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A soft robot modelled on a fish has reached the bottom of the Mariana Trench - video

Created by a Chinese research team, a soft robot modelled on a fish species has survived a trial trip to the bottom of the Mariana Trench. The event represents a real breakthrough and a huge success for so-called soft robotics. The recent achievement of researchers from China was the subject of a large article published
Published: May 3, 2021 - 09:00
Updated: July 22, 2023 - 22:27
A soft robot modelled on a fish has reached the bottom of the Mariana Trench – video

Created by a Chinese research team, a soft robot modelled on a fish species has survived a trial trip to the bottom of the Mariana Trench. The event represents a real breakthrough and a huge success for so-called soft robotics.

The recent achievement of researchers from China was the subject of a large article published in the prestigious scientific journal Nature. In turn, the soft robot itself was featured on the cover of the aforementioned periodical.

a soft robot created by the Chinese New type of robots

A recent test has confirmed that a self-propelled fish-shaped robot can survive the extreme pressure found in the deepest place on Earth. All thanks to its soft body and distributed electronic system. It is therefore predicted that soft robots could play a key role in the exploration of unexplored depths.

Two elements played a key role in the Chinese researchers’ latest success. A machine system combining hard and soft components and a new dielectric elastomer actuator. It is thanks to these that the soft robot is able to withstand enormous pressure and also operate in the cold environment of the deep sea.

Conventional underwater robots require watertight enclosures. This is to withstand the high pressures found in the ocean depths. As the depth increases, so do the more demanding housings. In the Chinese robot, on the other hand, the delicate electronic components are embedded and distributed in soft silicone. This eliminates the need for pressure-resistant housings.

Robot prototype

Without a doubt, the exploration of the deepest parts of the ocean so far has enabled humans to discover and learn about many animal species. The creatures inhabiting the hadal zones are like from another world. Among them are the dennipeds – a family of marine scorpion fish. They are able to survive pressures of almost 100 MPa, all thanks to their unique structure. Their bones are arranged in a soft gelatinous body. Sound familiar?

Chinese robotics specialists have been inspired by the unique structure of denning insects. They began their research to create a new type of soft deep-sea robot in May 2018. The result is a self-propelled robot that is shaped like a fish and measures 22cm long, with a wingspan of 28cm.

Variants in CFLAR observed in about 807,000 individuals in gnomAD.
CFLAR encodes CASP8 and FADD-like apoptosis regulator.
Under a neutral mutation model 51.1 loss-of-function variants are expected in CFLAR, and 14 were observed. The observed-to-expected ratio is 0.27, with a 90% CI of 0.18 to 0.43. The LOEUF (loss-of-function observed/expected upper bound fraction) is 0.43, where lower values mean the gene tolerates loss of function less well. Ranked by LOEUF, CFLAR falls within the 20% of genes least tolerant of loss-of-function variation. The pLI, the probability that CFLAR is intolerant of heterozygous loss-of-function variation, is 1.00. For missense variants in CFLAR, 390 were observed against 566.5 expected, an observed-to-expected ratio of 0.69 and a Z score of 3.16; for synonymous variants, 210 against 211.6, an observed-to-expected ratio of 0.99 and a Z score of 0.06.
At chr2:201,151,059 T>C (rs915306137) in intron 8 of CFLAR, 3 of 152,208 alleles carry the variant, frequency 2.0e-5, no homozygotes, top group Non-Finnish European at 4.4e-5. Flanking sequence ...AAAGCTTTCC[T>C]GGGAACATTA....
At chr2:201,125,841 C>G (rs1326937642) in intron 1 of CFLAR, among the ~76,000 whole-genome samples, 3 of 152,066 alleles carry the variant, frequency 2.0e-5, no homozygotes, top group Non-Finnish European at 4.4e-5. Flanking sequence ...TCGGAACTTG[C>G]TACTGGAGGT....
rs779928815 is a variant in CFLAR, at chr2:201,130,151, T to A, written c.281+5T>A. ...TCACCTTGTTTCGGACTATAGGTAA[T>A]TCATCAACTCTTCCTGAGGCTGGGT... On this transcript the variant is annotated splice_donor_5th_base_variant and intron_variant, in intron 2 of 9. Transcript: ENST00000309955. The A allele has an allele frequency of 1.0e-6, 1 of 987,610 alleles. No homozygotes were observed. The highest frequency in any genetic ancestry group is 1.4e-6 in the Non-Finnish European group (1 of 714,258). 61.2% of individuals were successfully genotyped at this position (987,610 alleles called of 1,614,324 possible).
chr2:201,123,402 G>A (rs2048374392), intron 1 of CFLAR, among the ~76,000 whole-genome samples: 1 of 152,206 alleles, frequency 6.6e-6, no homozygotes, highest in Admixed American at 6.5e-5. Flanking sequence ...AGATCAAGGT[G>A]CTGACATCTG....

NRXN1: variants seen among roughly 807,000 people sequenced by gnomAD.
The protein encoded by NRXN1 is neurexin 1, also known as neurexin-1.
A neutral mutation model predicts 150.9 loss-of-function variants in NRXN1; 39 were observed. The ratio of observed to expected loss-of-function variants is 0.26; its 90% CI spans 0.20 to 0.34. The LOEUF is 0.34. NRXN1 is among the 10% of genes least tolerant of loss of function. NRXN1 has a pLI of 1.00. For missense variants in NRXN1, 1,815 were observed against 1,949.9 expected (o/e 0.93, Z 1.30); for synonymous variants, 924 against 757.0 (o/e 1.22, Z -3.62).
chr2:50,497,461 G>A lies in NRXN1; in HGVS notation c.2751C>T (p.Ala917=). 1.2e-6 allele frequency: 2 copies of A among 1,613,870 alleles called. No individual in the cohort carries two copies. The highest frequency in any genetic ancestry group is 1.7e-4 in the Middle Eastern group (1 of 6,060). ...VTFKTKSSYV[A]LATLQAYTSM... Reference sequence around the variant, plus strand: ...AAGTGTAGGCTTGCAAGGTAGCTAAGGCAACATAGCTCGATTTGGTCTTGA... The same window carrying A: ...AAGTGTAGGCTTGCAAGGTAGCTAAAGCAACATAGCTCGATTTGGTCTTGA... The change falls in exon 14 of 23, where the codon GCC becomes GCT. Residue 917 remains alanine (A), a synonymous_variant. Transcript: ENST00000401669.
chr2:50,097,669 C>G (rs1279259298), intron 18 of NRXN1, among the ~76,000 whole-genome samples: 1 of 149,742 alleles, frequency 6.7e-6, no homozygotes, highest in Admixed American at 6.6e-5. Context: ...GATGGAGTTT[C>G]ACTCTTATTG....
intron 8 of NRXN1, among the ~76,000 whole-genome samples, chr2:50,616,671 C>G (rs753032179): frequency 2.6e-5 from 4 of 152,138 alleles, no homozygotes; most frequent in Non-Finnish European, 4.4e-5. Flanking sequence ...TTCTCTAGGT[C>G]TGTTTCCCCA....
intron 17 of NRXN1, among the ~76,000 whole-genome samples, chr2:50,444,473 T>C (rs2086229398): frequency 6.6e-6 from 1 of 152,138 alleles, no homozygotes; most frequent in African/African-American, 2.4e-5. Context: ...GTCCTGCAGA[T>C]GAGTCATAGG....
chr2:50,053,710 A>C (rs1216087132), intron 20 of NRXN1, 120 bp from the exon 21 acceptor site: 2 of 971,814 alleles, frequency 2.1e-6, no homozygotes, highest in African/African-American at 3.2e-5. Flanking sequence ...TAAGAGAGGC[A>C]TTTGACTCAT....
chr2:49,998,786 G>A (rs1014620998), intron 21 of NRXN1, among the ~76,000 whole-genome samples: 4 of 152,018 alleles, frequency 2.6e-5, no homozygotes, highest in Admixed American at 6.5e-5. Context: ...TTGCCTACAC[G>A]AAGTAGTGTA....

The hard components, including control circuitry and batteries, are housed in a gel robot body. The materials and design of the components and body allow the soft robot to withstand tremendous hydrostatic pressure, without the need for any extreme housing.

Compared to traditional high-pressure resistant deep-sea exploration equipment, the soft robot has been developed using completely new technologies. These make it possible to significantly reduce the difficulty and cost of deep-sea exploration. – – said Li Guorui, lead author of the paper and also a senior researcher at the Research Centre at ZJ Lab.

In December 2019, the robot performed constant movement by moving its fins at a depth of 10900 metres in the Mariana Trench. About nine months later, it successfully completed a free-swimming test at a depth of 3224 metres, which scientists conducted in the South China Sea.

A robot created like a fish Future

The research team intends to further investigate the integrated energy, propulsion and perception system of soft deep-sea robots to improve their intelligence while reducing application costs.

In the longer term, some developments in soft robotics can be envisaged. Such devices will be able to safely navigate coral reefs or underwater caves. Therefore, data collection and exploration of particular sites will be possible without the risk of damaging them. In addition, soft robots are much cheaper to produce than the solutions used today. So it is possible that they will become a breakthrough that will open the door to a much better understanding of the underwater world.

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About author

Marcin Pawełczyk
Marcin’s journey with diving has been an adventure. Starting as a recreational diver, he soon found himself drawn to the fascinating stories and mysteries of Baltic wrecks. After gaining experience, Marcin decided to go beyond just leisurely exploration and took his training up a notch by completing the TMX course, allowing him to explore even deeper and uncover the secrets of inaccessible places. His next challenge has been cave diving, where he is honing his skills to become a certified diver. Not content to simply take in the breathtaking beauty of underwater life, Marcin has also embraced underwater photography since 2018, capturing stunning shots that bring these worlds alive for those who are unable to experience them first-hand. Marcin’s passion for the underwater has taken him far and is sure to continue doing so as he dives into new depths and captures breathtaking images.
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